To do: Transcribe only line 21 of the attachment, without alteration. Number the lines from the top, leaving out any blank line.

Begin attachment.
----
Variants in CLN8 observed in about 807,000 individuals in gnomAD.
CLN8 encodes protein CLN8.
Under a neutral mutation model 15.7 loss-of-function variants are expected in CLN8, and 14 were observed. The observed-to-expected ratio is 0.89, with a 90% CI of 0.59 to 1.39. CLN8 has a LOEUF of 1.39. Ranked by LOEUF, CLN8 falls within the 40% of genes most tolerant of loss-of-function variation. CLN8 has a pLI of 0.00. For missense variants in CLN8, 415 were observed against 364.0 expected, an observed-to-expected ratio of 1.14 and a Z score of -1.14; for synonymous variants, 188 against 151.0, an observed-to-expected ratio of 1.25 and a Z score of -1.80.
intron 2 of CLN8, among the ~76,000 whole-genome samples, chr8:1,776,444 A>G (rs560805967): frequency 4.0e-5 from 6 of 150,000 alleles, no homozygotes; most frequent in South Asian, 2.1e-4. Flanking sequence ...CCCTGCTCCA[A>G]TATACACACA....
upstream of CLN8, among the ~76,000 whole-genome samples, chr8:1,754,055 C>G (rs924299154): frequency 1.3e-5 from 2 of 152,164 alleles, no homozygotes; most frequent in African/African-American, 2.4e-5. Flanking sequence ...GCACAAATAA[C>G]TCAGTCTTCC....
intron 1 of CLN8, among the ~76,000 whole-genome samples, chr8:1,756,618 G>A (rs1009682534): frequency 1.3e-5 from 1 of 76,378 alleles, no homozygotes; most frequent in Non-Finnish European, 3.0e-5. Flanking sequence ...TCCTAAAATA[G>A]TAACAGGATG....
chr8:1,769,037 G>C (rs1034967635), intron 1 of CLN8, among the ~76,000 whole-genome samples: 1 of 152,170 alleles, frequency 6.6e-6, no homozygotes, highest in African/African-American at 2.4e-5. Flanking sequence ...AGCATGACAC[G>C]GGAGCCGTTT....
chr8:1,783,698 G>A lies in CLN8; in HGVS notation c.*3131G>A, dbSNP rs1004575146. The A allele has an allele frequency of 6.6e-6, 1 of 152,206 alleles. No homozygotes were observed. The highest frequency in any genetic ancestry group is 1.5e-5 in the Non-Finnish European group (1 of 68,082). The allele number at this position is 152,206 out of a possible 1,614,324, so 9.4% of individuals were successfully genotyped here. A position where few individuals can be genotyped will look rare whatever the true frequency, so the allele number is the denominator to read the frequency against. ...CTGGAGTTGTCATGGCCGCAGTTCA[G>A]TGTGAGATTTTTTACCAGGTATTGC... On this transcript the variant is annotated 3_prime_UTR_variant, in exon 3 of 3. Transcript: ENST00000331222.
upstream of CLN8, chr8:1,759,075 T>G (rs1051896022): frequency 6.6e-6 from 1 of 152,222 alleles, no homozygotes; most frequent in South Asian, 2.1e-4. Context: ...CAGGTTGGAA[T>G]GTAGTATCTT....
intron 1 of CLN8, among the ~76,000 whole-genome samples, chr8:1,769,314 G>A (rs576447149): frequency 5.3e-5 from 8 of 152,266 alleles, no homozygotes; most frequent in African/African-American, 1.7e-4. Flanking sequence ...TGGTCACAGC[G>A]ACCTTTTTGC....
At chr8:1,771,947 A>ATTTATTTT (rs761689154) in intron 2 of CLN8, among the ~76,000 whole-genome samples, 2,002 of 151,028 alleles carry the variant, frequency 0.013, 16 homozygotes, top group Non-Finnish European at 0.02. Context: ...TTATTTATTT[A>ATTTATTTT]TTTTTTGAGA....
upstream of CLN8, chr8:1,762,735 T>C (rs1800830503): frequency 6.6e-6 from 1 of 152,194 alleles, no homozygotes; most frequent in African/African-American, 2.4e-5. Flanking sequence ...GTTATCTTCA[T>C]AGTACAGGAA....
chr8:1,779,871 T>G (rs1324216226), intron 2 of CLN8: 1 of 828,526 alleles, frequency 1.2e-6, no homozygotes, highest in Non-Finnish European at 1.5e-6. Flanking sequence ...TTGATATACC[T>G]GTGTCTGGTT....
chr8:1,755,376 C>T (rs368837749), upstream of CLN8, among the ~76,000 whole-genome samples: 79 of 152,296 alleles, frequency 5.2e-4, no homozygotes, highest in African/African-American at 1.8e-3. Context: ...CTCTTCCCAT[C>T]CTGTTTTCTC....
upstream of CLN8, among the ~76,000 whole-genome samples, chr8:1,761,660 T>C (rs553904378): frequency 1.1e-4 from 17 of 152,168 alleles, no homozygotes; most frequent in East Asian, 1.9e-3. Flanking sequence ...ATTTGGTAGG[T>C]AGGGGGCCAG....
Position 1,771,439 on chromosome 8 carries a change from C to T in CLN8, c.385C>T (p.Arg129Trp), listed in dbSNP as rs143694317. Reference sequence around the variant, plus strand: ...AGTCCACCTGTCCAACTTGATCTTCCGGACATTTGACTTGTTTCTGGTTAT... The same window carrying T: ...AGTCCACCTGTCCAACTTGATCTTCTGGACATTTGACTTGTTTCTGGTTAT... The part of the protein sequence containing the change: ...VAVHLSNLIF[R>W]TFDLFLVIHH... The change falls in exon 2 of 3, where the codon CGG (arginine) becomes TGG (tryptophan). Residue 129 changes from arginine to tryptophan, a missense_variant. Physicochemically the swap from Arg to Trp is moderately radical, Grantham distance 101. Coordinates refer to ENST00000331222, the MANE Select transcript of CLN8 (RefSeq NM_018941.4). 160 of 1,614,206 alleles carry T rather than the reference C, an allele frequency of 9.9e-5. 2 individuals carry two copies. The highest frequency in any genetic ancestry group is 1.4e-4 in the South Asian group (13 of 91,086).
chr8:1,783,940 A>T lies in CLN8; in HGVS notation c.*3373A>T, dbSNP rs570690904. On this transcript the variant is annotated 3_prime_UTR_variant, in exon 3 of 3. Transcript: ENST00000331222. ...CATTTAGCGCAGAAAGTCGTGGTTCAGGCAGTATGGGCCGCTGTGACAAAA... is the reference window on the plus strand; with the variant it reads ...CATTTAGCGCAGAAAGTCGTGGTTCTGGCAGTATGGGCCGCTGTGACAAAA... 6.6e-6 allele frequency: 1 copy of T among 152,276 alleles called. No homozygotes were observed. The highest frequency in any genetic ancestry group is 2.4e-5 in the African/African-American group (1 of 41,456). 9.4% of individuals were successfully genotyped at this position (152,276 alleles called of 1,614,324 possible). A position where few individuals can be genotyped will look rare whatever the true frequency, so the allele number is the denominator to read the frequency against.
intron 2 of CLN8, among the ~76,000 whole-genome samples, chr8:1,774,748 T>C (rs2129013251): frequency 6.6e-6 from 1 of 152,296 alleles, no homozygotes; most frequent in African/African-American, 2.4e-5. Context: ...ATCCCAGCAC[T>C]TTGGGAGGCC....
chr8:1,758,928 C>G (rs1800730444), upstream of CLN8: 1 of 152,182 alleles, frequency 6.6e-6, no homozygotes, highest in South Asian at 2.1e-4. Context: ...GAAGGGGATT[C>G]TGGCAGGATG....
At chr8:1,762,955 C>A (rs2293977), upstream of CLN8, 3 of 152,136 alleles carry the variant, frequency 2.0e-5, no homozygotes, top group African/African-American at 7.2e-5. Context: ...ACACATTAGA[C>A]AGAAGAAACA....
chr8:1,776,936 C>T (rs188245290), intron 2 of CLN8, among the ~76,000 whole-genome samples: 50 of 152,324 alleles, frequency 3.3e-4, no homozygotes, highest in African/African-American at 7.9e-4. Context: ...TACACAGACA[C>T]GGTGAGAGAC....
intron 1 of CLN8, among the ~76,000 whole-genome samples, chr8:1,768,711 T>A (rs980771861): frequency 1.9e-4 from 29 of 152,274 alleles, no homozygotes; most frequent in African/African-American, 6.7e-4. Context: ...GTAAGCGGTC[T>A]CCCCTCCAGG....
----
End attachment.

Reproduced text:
chr8:1,776,936 C>T (rs188245290), intron 2 of CLN8, among the ~76,000 whole-genome samples: 50 of 152,324 alleles, frequency 3.3e-4, no homozygotes, highest in African/African-American at 7.9e-4. Context: ...TACACAGACA[C>T]GGTGAGAGAC....